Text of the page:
Recently, Omaha restaurant mogul Willy Theisen commissioned her portrait of his granddaughter for his new Paragon eatery in Dundee.

When approaching a new work, she says, “I never know how it’s going to look, so it’s a little adventurous. If I stop thinking about what I’m doing and just let it flow, it comes out naturally. That ‘diving into it’ mindset is what I have to be in for the work to really evolve. It’s mysterious.”

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Blayney’s work is not all figurative. “Occasionally, I’ll do still life,” she says, gesturing to an in-progress oyster shell rendered in a swirl of pastels. She is contemplating an oceanic-themed series motivated by her love of the water, marine life, and nature.

“I was brought up on water. I swam in the Gulf of Mexico. So that’s in my bones.”

In Omaha, she has twice worked at Jun Kaneko’s studio (most recently in 2006 as a painting assistant). Of the celebrated artist, she says, “We had a good connection. He’s very quiet, polite, observant, receptive. He was very trusting of me. Like when I did some mixing of colors, pigments—he trusted my instincts. I’m not a ceramicist, but I felt in my natural element.”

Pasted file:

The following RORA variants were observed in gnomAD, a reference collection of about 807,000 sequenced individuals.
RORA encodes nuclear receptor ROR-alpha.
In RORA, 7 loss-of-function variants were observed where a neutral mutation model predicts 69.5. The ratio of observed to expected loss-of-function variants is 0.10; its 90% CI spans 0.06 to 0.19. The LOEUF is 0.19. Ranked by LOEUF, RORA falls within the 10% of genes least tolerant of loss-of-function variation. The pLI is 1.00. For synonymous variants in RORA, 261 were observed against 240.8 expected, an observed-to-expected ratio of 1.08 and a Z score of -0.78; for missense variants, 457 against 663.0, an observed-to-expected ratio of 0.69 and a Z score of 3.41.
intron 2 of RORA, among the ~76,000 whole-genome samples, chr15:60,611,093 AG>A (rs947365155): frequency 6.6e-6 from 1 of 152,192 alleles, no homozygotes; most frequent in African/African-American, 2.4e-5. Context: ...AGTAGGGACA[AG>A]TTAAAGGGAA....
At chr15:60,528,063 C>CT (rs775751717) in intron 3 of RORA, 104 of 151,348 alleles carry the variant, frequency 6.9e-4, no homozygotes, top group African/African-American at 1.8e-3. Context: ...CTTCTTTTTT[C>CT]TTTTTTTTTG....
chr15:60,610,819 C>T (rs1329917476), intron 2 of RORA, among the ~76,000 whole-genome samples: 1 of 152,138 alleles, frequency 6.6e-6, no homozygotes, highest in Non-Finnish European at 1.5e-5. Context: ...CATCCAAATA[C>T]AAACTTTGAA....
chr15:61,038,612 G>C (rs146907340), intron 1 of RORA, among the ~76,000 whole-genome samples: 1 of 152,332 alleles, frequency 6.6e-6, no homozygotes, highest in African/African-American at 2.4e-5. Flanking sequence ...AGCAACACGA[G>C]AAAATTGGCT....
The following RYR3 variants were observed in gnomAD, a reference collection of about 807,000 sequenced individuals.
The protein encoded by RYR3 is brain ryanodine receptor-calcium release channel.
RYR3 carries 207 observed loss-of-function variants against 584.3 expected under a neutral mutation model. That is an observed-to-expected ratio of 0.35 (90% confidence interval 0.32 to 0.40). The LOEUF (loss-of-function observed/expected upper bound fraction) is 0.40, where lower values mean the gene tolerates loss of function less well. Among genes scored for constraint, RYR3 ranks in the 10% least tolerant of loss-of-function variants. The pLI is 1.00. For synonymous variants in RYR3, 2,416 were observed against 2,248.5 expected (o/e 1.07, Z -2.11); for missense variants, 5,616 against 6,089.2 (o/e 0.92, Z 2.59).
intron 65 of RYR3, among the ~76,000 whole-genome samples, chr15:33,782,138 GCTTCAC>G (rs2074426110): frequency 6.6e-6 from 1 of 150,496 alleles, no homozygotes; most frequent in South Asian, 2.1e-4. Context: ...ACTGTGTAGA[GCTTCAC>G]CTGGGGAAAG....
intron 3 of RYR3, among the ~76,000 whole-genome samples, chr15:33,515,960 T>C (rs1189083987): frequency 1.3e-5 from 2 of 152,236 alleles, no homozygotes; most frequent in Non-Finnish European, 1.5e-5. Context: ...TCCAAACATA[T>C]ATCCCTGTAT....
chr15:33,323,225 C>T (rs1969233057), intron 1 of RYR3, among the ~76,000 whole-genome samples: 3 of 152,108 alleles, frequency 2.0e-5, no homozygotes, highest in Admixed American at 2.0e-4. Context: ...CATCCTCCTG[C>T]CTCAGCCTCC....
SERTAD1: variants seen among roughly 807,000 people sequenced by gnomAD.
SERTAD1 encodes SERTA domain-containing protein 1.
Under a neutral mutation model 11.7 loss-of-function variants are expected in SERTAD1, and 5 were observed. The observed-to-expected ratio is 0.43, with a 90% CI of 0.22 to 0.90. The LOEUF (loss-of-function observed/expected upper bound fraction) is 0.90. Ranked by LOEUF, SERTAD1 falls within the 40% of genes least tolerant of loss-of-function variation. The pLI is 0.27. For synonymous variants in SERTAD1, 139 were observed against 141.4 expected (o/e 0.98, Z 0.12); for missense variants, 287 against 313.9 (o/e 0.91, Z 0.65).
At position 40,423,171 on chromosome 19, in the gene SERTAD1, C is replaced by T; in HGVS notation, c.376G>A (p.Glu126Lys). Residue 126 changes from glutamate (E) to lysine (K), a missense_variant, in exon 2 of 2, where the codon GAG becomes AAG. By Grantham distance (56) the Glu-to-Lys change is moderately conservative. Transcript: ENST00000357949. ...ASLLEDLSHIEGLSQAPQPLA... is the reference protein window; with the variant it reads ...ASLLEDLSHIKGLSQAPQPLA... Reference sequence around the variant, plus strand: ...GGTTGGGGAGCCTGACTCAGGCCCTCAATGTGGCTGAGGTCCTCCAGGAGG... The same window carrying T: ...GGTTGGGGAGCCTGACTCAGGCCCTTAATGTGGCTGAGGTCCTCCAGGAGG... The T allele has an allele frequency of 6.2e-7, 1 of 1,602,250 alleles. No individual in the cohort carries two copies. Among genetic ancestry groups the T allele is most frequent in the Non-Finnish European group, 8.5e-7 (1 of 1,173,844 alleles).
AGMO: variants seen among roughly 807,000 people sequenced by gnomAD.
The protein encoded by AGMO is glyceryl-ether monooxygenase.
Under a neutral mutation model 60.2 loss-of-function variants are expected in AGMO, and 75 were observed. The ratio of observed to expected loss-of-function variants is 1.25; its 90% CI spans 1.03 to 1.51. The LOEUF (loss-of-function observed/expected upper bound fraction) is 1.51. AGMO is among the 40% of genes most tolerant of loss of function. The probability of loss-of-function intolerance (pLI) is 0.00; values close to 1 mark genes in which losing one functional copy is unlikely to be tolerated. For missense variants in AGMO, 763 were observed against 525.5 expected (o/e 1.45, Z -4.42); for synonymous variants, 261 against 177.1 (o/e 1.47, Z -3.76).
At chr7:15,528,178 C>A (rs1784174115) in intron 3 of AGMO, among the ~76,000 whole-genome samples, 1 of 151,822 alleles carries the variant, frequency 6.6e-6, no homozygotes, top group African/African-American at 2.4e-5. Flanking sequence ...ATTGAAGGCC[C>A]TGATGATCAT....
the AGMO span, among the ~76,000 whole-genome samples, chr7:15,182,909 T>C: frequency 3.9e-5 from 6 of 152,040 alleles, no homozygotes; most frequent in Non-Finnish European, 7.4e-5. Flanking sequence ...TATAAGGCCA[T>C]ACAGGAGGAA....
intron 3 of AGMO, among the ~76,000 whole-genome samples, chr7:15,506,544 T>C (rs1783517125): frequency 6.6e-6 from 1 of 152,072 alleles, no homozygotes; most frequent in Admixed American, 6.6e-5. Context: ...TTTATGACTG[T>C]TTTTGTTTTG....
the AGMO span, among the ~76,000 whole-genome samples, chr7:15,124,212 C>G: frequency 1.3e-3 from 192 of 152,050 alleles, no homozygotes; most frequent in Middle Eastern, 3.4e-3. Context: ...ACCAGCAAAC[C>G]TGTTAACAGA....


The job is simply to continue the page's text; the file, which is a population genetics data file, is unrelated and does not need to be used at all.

She feels at home in Omaha, where she says, “The connections I’ve made are so important.” The same for her day job at Alley Poyner Macchietto, where she curates art shows. She admires the local art-culture scene.

“I feel the creative community in Omaha is very supportive rather than super competitive. The friends I’ve made here are very authentic, genuine, and loyal.”

She enjoys what the Bemis and Joslyn offer as well as how “smaller, contemporary, progressive galleries like Project Project and Darger HQ are pushing the envelope. I’m a huge fan of Garden of the Zodiac. 1516 Gallery is just gorgeous.”